This blog is a forum to highlight, celebrate and share the good works of people and organizations dedicated to catching the hurtful stones we are prone to cast at, or throw in the path of, the marginalized, vulnerable and victimized among us. Be a stonecatcher!
It's August 2017. The United States of America is in the grip of divisiveness and hatred. A grip tearing our social fabric. A fabric woven of freedom and fairness for all people as envisioned by our country's founders. A fabric celebrated in our Constitution. The Constitution of the United States of America is a framework intended to sustain us on an evolving path "in order to form a more perfect Union," following the lead of our Declaration of Independence's call for "life, liberty and the pursuit of happiness" for everyone.
This month's tragedy in Charlottesville, Virginia, is a signal event demanding action to break the grip of those who would deny the recognition, respect, and rights a just world should afford everyone.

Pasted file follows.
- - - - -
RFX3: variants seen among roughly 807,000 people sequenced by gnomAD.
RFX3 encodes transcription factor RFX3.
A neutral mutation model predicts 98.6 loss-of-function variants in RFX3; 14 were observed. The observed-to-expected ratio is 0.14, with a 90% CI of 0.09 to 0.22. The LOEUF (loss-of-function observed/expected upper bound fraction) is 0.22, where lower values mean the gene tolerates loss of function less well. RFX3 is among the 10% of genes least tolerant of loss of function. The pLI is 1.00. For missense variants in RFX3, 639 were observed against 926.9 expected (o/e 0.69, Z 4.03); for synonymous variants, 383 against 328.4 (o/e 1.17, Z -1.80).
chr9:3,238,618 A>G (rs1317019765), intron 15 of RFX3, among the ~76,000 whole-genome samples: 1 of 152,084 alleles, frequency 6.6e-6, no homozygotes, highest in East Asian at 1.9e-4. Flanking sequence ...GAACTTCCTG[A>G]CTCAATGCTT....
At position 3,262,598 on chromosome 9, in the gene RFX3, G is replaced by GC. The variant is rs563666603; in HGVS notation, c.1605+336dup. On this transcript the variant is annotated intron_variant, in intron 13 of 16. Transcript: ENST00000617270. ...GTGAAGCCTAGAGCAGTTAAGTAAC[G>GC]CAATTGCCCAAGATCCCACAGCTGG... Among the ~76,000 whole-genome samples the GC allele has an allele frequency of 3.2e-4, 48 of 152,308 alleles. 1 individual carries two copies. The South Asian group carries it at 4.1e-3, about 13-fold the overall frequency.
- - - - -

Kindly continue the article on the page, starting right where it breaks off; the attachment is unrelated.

Two stonecatchers, both United Church of Christ pastors from my hometown of Granby CT, offer their calls to action in my blog today. Please read them and follow their lead. Catch the stones we are prone to cast at, or throw in the path of the marginalized, vulnerable, and victimized among us, which prevents them from realizing the recognition, respect, and rights a just world should afford everyone. Every step, a stride short or long, is needed to walk the path ahead.